Dual-Function Enzyme Catalysis for Enantioselective Carbon–Nitrogen Bond Formation
This study reports a new biocatalytic platform for creating new carbon-nitrogen bonds in a very selective and efficient way, with applications in the pharmaceutical and industrial fields. The selective formation of these bonds is relevant for the synthesis of new bioactive and pharmacological compounds. To achieve this, a new enzyme has been engineered to catalyze these chemical transformations under mild conditions. This project is a collaboration between a research group of the California Institute of Technology: Dr. Zhen Liu, Andrew Z. Zhou, Dr. Kai Chen and Professor Frances H. Arnold and members of the Institute of Computational Chemistry and Catalysis of the University of Girona, Carla Calvó-Tusell and Dr. Marc Garcia-Borràs.
Asymmetric carbene N–H insertion is a powerful method for the preparation of chiral amines, however, it has traditionally shown limited enantioselectivity. Haem proteins can perform carbene N–H insertion, but the asymmetric protonation in an active site replete with proton sources is the most challenging step.
In this work, it was demonstrated that engineering cytochrome P450 enzymes can catalyze the abiological C–N bond forming reaction with excellent activity and selectivity (up to 32,100 total turnovers, >99% yield and 98% e.e.) to prepare a series of bioactive ?-amino lactones. The engineered P411 (P450 with the axial cysteine ligand coordinated to iron is replaced by serine) enzymes acted as dual-function biocatalysts that promoted the transfer of the lactone carbene to amines and exerted excellent stereocontrol in the subsequent protonation step, in a single active site.
The researchers from the IQCC performed computational modelling to understand how this new system works. Specifically, extensive molecular dynamics (MD) simulations and density functional theory (DFT) calculations in selected P411 variants were performed to gain insight into the mechanism of this enzymatic transformation. Computational studies uncovered the detailed mechanism of this process, explaining the critical role of the serine residue at position 264 for achieving high activity and selectivity. In particular, MD simulations showed that S264 established a persistent H-bond with the lactone ester group that fixes the orientation of the lactone carbene in the active site. Therefore, the engineered active site controls the conformation of the lactone carbene, yielding to an enantiospecific N-nucleophilic attack for the ylide formation. Once dissociated from the iron, the ylide intermediate can rapidly react with active site water molecules to achieve a stereoselective proton rearrangement in the enzyme active site prior to product release.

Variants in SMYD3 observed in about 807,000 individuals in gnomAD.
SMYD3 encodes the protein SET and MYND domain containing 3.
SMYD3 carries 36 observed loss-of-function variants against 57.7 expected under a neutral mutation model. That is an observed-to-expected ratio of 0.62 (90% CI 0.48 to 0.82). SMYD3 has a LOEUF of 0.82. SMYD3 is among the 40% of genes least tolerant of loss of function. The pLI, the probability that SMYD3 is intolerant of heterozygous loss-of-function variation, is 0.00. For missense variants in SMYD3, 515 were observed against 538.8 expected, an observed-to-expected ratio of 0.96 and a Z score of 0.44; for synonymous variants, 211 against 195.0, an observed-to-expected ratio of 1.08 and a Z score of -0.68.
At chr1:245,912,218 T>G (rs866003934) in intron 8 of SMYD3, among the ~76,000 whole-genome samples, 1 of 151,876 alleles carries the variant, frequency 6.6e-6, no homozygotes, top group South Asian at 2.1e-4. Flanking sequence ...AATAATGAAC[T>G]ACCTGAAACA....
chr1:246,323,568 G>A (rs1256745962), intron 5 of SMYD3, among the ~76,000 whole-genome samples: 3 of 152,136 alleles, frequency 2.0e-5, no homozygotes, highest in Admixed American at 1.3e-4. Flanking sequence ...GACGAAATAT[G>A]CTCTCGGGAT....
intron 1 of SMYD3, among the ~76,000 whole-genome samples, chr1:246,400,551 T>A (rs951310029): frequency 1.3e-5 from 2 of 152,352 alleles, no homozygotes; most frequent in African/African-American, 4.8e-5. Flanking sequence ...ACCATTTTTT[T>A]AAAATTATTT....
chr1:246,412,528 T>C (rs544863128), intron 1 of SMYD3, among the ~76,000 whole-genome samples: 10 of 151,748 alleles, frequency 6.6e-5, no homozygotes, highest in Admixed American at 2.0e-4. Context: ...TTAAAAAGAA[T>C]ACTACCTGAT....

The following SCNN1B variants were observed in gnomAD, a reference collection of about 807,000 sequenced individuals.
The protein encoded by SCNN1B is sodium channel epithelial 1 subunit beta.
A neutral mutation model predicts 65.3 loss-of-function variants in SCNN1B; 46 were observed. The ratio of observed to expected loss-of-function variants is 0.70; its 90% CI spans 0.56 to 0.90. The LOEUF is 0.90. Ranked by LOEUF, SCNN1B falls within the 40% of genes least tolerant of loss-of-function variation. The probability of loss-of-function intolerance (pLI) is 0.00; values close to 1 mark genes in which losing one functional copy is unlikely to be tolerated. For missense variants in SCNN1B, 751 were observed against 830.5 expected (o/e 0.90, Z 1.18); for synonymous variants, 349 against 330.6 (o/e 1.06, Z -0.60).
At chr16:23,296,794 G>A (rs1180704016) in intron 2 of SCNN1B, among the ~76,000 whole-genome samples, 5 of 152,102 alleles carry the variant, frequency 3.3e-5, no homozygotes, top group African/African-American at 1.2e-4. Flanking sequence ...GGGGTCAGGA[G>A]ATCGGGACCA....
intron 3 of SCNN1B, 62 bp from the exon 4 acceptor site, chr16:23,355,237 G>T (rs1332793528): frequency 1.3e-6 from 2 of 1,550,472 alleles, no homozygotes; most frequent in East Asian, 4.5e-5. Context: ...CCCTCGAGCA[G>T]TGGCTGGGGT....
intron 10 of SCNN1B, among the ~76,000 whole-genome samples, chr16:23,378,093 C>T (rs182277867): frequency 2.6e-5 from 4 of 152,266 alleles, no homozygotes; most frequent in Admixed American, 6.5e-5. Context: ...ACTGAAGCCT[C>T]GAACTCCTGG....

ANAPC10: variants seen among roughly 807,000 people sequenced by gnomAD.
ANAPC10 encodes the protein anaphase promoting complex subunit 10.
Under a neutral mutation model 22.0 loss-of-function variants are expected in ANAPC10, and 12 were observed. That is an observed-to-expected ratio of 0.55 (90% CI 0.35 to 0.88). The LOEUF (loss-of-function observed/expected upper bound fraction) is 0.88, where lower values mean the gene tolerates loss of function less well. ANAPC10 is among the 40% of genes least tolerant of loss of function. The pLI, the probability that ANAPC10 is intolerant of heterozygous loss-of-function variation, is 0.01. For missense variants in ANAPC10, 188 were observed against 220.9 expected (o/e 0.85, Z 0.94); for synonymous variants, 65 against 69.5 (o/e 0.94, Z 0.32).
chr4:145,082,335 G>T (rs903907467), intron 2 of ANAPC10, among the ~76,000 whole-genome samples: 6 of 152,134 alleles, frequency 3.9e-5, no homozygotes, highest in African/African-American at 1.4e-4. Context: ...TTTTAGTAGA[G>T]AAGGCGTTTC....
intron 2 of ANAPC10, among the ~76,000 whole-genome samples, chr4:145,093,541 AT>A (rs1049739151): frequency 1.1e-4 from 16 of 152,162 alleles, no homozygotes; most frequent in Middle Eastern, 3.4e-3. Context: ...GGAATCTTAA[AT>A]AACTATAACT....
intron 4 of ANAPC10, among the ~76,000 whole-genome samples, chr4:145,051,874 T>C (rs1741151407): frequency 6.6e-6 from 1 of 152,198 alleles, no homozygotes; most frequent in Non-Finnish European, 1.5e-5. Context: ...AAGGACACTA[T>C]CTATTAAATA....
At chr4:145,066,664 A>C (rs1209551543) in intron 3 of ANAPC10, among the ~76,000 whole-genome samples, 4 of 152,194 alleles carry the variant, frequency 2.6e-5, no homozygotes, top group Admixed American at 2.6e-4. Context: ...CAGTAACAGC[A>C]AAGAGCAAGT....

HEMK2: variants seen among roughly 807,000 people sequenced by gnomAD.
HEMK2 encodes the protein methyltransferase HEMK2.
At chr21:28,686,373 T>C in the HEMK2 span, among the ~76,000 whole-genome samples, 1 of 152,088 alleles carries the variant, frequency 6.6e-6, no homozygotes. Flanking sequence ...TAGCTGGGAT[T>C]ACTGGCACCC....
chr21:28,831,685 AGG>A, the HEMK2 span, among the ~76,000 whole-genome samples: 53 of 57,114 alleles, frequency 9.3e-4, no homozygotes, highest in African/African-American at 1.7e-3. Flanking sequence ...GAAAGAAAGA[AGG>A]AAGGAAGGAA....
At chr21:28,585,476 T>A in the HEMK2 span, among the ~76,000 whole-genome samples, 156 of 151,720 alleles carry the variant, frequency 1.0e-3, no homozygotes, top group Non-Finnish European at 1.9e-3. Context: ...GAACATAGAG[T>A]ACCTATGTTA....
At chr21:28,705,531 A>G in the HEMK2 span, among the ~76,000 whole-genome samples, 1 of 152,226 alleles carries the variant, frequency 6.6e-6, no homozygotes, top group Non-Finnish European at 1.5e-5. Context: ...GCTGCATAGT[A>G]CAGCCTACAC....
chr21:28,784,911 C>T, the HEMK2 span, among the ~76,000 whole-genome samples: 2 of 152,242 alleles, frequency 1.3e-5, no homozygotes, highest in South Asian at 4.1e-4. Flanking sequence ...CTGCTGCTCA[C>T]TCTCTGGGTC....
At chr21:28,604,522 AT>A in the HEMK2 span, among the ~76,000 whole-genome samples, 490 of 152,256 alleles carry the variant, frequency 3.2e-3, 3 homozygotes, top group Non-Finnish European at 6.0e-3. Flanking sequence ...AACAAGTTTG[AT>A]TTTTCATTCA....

The study was recently reported in Nature Chemistry:
Z. Liu, C. Calvó-Tusell, A.Z. Zhou, K. Chen, M. Garcia-Borràs, and F.H. Arnold
“Dual-function enzyme catalysis for enantioselective carbon–nitrogen bond formation”
Nat. Chem. 2021, 13, 1166-1172
The work was highlighted by the Nature Chemistry journal cover, in its December 2021 issue. The cover was designed by Carla Calvó-Tusell and illustrates the laboratory enzyme evolution, represented in different layers, to finally achieve an engineered P450 enzyme that works as a dual-function biocatalyst with a single active site.
Girona, December 3, 2021
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